Late Fe­bru­ary

Popular Mechanics (South Africa) - - The First Story -

and it’s 43˚C in the shade. Ex­cept there isn’t any shade on the high, wind-parched plateaus of the Ceder­berg. Watched over by San paint­ings, Boltwin Tam­boer and five oth­ers har­vest rooibos the old­fash­ioned way: re­mov­ing the top two-thirds of the waist-high bushes with sim­ple metal sick­les be­fore gather­ing the woody green stems in bun­dles the size of a boer­boel.

Al­most ex­actly ten thou­sand miles away, in a trendy Port­land cafe, a bearded barista pulls a shot of Red Es­presso from his gleam­ing La Mar­zocco GB5 be­fore top­ping it with a feath­ery al­mond-milk spume and a dash of or­ganic honey. He’s been at it all morn­ing: The cafe’s moun­tain-bik­ing, soft­ware-cod­ing, yoga-prac­tis­ing pa­trons can’t get enough of the new bev­er­age that’s nat­u­rally caf­feine-free, packed with an­tiox­i­dants, and down­right de­li­cious to boot.

Red Es­presso, the 2005 brain­child of hus­band-and-wife team Pete and Monique Ethel­ston and their friend Carl Pre­to­rius, is the pre­vi­ously miss­ing link that con­nects Boltwin Tam­boer and his San an­ces­tors with those Port­land hip­sters. By grind­ing top-notch, high-alti­tude rooibos to a pow­dery con­sis­tency and ex­tract­ing it un­der nine bars of pres­sure, they have spawned a bev­er­age cat­e­gory that strad­dles the health and cafe mar­kets like no other.

In ad­di­tion to be­ing nat­u­rally caf­feine free, Red Es­presso claims its drink con­tains 10 times more an­tiox­i­dants than gewone rooibos. It boasts a bold, sat­is­fy­ing flavour pro­file that works a treat used in cap­puc­ci­nos, lat­tes, frappes, macchiatos and more. The global shift to­wards health and well­ness (it’s said to be the next tril­lion­dol­lar in­dus­try) has helped the prod­uct make in­roads. ‘ We used to have a hard time con­vinc­ing peo­ple to try our prod­uct,’ says Monique. ‘ But we now find con­sumers and cafes very open to the idea of a nat­u­rally caf­feine­free cof­fee al­ter­na­tive.’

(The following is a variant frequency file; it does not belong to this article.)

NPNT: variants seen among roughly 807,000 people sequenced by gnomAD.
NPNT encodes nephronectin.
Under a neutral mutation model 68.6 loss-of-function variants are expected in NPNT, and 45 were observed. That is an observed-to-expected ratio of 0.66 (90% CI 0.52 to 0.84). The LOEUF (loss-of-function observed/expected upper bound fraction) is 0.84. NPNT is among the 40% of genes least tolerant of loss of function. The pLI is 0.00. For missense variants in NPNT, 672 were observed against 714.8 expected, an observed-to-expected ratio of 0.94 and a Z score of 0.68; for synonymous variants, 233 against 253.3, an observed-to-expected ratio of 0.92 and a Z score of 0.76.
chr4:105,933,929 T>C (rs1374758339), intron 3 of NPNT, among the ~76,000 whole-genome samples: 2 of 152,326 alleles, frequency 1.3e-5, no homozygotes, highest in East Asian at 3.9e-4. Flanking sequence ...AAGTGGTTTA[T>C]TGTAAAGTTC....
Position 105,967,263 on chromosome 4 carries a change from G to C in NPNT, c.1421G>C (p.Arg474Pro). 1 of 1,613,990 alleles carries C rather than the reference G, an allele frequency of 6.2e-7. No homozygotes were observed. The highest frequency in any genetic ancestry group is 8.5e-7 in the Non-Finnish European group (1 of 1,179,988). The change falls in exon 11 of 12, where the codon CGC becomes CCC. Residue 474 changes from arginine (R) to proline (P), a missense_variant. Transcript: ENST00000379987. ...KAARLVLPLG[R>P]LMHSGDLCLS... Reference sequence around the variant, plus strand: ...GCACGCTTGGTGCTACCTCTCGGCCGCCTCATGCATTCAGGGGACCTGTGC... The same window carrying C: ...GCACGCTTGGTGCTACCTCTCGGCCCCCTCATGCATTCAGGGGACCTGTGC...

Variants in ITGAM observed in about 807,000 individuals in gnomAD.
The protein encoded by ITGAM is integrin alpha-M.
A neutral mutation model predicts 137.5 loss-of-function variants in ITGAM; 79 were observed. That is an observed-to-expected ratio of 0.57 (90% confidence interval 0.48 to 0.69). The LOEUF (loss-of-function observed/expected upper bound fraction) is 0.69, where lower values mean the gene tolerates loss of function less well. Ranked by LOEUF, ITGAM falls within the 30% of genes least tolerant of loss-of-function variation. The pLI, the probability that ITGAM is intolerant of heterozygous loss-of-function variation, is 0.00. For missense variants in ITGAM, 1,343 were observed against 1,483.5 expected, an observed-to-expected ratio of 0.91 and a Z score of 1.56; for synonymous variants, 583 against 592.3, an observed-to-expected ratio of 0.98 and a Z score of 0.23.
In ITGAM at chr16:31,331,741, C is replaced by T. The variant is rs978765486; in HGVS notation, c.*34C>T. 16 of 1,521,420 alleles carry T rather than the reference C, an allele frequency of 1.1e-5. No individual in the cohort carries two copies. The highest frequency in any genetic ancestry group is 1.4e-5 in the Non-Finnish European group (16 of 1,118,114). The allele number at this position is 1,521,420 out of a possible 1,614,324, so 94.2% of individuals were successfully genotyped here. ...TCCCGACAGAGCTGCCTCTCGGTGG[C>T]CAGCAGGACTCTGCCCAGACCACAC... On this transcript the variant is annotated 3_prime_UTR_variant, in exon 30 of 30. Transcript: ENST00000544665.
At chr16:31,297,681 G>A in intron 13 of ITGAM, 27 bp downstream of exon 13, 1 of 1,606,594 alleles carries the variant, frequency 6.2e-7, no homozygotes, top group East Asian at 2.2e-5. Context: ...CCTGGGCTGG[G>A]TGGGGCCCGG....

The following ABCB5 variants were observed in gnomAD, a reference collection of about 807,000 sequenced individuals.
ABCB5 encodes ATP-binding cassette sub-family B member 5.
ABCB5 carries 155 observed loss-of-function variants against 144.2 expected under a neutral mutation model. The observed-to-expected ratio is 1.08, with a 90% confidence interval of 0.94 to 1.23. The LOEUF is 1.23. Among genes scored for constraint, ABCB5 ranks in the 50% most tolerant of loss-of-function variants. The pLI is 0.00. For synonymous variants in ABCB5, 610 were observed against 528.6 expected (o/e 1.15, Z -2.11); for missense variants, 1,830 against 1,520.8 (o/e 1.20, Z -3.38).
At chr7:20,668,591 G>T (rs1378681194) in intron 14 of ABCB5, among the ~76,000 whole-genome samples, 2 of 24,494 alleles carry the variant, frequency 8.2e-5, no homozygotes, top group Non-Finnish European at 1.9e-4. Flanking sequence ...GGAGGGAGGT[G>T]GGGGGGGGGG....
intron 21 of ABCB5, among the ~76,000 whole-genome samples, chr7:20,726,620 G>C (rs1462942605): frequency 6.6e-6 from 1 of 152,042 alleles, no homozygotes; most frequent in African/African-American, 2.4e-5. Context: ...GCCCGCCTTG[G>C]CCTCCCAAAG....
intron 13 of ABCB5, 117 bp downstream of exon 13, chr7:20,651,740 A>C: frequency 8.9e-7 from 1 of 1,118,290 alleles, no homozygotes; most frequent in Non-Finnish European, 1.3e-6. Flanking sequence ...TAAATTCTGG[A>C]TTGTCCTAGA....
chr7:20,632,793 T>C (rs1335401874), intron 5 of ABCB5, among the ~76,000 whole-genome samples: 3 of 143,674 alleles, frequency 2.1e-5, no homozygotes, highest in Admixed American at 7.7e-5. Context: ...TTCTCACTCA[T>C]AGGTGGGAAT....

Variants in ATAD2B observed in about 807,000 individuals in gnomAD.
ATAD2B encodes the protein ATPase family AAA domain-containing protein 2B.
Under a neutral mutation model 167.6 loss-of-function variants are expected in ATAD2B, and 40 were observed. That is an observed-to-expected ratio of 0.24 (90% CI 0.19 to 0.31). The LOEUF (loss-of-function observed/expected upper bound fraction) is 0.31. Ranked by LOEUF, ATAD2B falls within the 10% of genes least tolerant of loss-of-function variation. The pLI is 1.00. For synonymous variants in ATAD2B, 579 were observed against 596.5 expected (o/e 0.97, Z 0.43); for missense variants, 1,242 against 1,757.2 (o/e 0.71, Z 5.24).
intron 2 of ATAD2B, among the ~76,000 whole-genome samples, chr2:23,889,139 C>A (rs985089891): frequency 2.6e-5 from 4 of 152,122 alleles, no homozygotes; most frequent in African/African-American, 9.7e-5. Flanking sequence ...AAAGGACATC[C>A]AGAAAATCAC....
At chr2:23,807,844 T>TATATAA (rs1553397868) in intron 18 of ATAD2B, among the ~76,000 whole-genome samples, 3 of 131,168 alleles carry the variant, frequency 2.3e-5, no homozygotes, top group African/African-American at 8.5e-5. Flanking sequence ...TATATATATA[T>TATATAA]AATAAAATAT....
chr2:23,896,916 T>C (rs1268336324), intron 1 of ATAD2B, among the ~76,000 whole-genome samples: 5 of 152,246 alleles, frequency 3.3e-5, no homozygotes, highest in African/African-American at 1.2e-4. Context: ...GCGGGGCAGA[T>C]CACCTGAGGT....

Monique’s role as mar­ket­ing di­rec­tor is made eas­ier by her prod­uct’s quan­tifi­able health ben­e­fits. Red Es­presso is packed to the jowls with the pow­er­ful an­tiox­i­dant found only in rooibos. As­palathin fights free rad­i­cals caused by the sun, pol­lu­tion and stress and thus helps to pre­vent pre­ma­ture age­ing, heart dis­ease and can­cer.

Be­cause it’s nat­u­rally caf­feine­free, Red Es­presso helps you to sleep bet­ter at night while also re­duc­ing your lev­els of stress, sooth­ing mus­cle ten­sion, eas­ing nasal con­ges­tion and aid­ing in hy­dra­tion. The zinc con­tained in Red Es­presso amps up the im­mune sys­tem, helps your me­tab­o­lism and even as­sists in heal­ing wounds.

Even bet­ter, Red Es­presso is great for the whole fam­ily: It soothes in­fant colic and has a bless­edly calm­ing ef­fect on kids who tend to­wards act­ing a lit­tle too un­ruly.

And as Carolina Tris­tao, the Brazil­ian cof­fee guru who has re­cently started mar­ket­ing Red Es­presso in Amer­ica, says, ‘It’s a su­per­food that’s in­dul­gent... I’m still wait­ing for the down­side.’


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